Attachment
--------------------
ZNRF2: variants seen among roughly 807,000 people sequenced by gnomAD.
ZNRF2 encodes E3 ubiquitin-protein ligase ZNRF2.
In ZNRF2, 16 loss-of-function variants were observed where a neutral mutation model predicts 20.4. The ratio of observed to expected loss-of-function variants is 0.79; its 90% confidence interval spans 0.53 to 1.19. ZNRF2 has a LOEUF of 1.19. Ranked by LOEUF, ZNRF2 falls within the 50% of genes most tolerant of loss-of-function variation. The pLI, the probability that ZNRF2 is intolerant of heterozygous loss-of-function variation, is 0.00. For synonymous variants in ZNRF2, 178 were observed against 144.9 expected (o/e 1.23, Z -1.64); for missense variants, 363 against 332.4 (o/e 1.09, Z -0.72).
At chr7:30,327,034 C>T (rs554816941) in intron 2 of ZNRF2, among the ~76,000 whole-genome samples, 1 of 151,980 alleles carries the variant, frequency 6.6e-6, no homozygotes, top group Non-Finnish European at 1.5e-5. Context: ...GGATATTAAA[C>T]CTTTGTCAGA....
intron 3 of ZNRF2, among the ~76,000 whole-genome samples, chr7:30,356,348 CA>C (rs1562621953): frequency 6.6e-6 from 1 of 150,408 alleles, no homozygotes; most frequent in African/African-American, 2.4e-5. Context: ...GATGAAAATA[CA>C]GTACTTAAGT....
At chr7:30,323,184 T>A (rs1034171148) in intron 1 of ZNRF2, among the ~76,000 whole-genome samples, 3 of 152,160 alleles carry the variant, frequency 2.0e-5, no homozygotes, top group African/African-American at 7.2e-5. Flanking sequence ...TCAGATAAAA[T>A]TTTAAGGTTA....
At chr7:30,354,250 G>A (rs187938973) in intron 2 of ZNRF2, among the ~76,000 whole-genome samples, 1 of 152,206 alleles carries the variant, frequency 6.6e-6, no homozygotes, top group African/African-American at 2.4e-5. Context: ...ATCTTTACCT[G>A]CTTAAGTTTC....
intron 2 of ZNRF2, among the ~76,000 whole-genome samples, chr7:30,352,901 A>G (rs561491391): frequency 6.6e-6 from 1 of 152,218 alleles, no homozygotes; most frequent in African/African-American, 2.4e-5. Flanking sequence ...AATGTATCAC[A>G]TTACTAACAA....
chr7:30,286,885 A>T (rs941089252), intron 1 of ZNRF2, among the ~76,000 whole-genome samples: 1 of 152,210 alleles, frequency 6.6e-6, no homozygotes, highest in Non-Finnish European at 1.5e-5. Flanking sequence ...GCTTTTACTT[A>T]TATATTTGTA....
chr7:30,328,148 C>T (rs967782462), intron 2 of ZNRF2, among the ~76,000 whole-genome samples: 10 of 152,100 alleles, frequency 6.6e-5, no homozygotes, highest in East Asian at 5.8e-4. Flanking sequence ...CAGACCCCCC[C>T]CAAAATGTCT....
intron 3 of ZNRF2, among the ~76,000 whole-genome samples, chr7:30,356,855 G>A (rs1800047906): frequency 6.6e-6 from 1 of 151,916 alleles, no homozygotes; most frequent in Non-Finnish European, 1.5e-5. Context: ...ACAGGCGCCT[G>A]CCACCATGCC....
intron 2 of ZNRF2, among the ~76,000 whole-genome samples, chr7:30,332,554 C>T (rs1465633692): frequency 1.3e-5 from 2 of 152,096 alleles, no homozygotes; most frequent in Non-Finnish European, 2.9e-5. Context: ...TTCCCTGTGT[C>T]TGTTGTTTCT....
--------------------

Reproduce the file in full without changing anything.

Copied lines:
ZNRF2: variants seen among roughly 807,000 people sequenced by gnomAD.
ZNRF2 encodes E3 ubiquitin-protein ligase ZNRF2.
In ZNRF2, 16 loss-of-function variants were observed where a neutral mutation model predicts 20.4. The ratio of observed to expected loss-of-function variants is 0.79; its 90% confidence interval spans 0.53 to 1.19. ZNRF2 has a LOEUF of 1.19. Ranked by LOEUF, ZNRF2 falls within the 50% of genes most tolerant of loss-of-function variation. The pLI, the probability that ZNRF2 is intolerant of heterozygous loss-of-function variation, is 0.00. For synonymous variants in ZNRF2, 178 were observed against 144.9 expected (o/e 1.23, Z -1.64); for missense variants, 363 against 332.4 (o/e 1.09, Z -0.72).
At chr7:30,327,034 C>T (rs554816941) in intron 2 of ZNRF2, among the ~76,000 whole-genome samples, 1 of 151,980 alleles carries the variant, frequency 6.6e-6, no homozygotes, top group Non-Finnish European at 1.5e-5. Context: ...GGATATTAAA[C>T]CTTTGTCAGA....
intron 3 of ZNRF2, among the ~76,000 whole-genome samples, chr7:30,356,348 CA>C (rs1562621953): frequency 6.6e-6 from 1 of 150,408 alleles, no homozygotes; most frequent in African/African-American, 2.4e-5. Context: ...GATGAAAATA[CA>C]GTACTTAAGT....
At chr7:30,323,184 T>A (rs1034171148) in intron 1 of ZNRF2, among the ~76,000 whole-genome samples, 3 of 152,160 alleles carry the variant, frequency 2.0e-5, no homozygotes, top group African/African-American at 7.2e-5. Flanking sequence ...TCAGATAAAA[T>A]TTTAAGGTTA....
At chr7:30,354,250 G>A (rs187938973) in intron 2 of ZNRF2, among the ~76,000 whole-genome samples, 1 of 152,206 alleles carries the variant, frequency 6.6e-6, no homozygotes, top group African/African-American at 2.4e-5. Context: ...ATCTTTACCT[G>A]CTTAAGTTTC....
intron 2 of ZNRF2, among the ~76,000 whole-genome samples, chr7:30,352,901 A>G (rs561491391): frequency 6.6e-6 from 1 of 152,218 alleles, no homozygotes; most frequent in African/African-American, 2.4e-5. Flanking sequence ...AATGTATCAC[A>G]TTACTAACAA....
chr7:30,286,885 A>T (rs941089252), intron 1 of ZNRF2, among the ~76,000 whole-genome samples: 1 of 152,210 alleles, frequency 6.6e-6, no homozygotes, highest in Non-Finnish European at 1.5e-5. Flanking sequence ...GCTTTTACTT[A>T]TATATTTGTA....
chr7:30,328,148 C>T (rs967782462), intron 2 of ZNRF2, among the ~76,000 whole-genome samples: 10 of 152,100 alleles, frequency 6.6e-5, no homozygotes, highest in East Asian at 5.8e-4. Flanking sequence ...CAGACCCCCC[C>T]CAAAATGTCT....
intron 3 of ZNRF2, among the ~76,000 whole-genome samples, chr7:30,356,855 G>A (rs1800047906): frequency 6.6e-6 from 1 of 151,916 alleles, no homozygotes; most frequent in Non-Finnish European, 1.5e-5. Context: ...ACAGGCGCCT[G>A]CCACCATGCC....
intron 2 of ZNRF2, among the ~76,000 whole-genome samples, chr7:30,332,554 C>T (rs1465633692): frequency 1.3e-5 from 2 of 152,096 alleles, no homozygotes; most frequent in Non-Finnish European, 2.9e-5. Context: ...TTCCCTGTGT[C>T]TGTTGTTTCT....